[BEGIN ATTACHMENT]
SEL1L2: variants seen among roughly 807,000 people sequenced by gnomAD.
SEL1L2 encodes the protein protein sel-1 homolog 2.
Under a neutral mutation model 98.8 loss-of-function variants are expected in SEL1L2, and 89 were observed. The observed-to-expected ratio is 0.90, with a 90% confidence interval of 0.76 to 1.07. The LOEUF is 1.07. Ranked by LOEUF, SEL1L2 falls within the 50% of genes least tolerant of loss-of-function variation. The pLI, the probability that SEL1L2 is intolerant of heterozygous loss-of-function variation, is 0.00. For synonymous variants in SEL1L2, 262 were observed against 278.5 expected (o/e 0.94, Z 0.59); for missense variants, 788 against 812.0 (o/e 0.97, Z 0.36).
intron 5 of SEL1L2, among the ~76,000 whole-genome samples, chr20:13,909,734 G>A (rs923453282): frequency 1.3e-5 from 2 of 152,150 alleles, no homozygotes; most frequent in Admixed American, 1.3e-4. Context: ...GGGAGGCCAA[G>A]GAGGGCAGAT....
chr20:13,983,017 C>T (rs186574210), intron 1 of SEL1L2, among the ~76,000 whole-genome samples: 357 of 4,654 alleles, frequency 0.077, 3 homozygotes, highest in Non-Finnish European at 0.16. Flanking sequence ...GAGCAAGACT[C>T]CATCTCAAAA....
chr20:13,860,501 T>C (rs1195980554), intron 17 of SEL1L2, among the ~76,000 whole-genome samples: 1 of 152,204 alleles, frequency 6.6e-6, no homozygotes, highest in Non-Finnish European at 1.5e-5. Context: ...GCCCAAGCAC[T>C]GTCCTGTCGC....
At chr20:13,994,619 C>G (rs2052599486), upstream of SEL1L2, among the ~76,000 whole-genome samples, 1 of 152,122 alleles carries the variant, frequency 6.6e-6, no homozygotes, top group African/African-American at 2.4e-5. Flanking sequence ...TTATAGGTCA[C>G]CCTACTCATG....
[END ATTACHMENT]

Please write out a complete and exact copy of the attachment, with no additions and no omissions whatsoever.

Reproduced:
SEL1L2: variants seen among roughly 807,000 people sequenced by gnomAD.
SEL1L2 encodes the protein protein sel-1 homolog 2.
Under a neutral mutation model 98.8 loss-of-function variants are expected in SEL1L2, and 89 were observed. The observed-to-expected ratio is 0.90, with a 90% confidence interval of 0.76 to 1.07. The LOEUF is 1.07. Ranked by LOEUF, SEL1L2 falls within the 50% of genes least tolerant of loss-of-function variation. The pLI, the probability that SEL1L2 is intolerant of heterozygous loss-of-function variation, is 0.00. For synonymous variants in SEL1L2, 262 were observed against 278.5 expected (o/e 0.94, Z 0.59); for missense variants, 788 against 812.0 (o/e 0.97, Z 0.36).
intron 5 of SEL1L2, among the ~76,000 whole-genome samples, chr20:13,909,734 G>A (rs923453282): frequency 1.3e-5 from 2 of 152,150 alleles, no homozygotes; most frequent in Admixed American, 1.3e-4. Context: ...GGGAGGCCAA[G>A]GAGGGCAGAT....
chr20:13,983,017 C>T (rs186574210), intron 1 of SEL1L2, among the ~76,000 whole-genome samples: 357 of 4,654 alleles, frequency 0.077, 3 homozygotes, highest in Non-Finnish European at 0.16. Flanking sequence ...GAGCAAGACT[C>T]CATCTCAAAA....
chr20:13,860,501 T>C (rs1195980554), intron 17 of SEL1L2, among the ~76,000 whole-genome samples: 1 of 152,204 alleles, frequency 6.6e-6, no homozygotes, highest in Non-Finnish European at 1.5e-5. Context: ...GCCCAAGCAC[T>C]GTCCTGTCGC....
At chr20:13,994,619 C>G (rs2052599486), upstream of SEL1L2, among the ~76,000 whole-genome samples, 1 of 152,122 alleles carries the variant, frequency 6.6e-6, no homozygotes, top group African/African-American at 2.4e-5. Flanking sequence ...TTATAGGTCA[C>G]CCTACTCATG....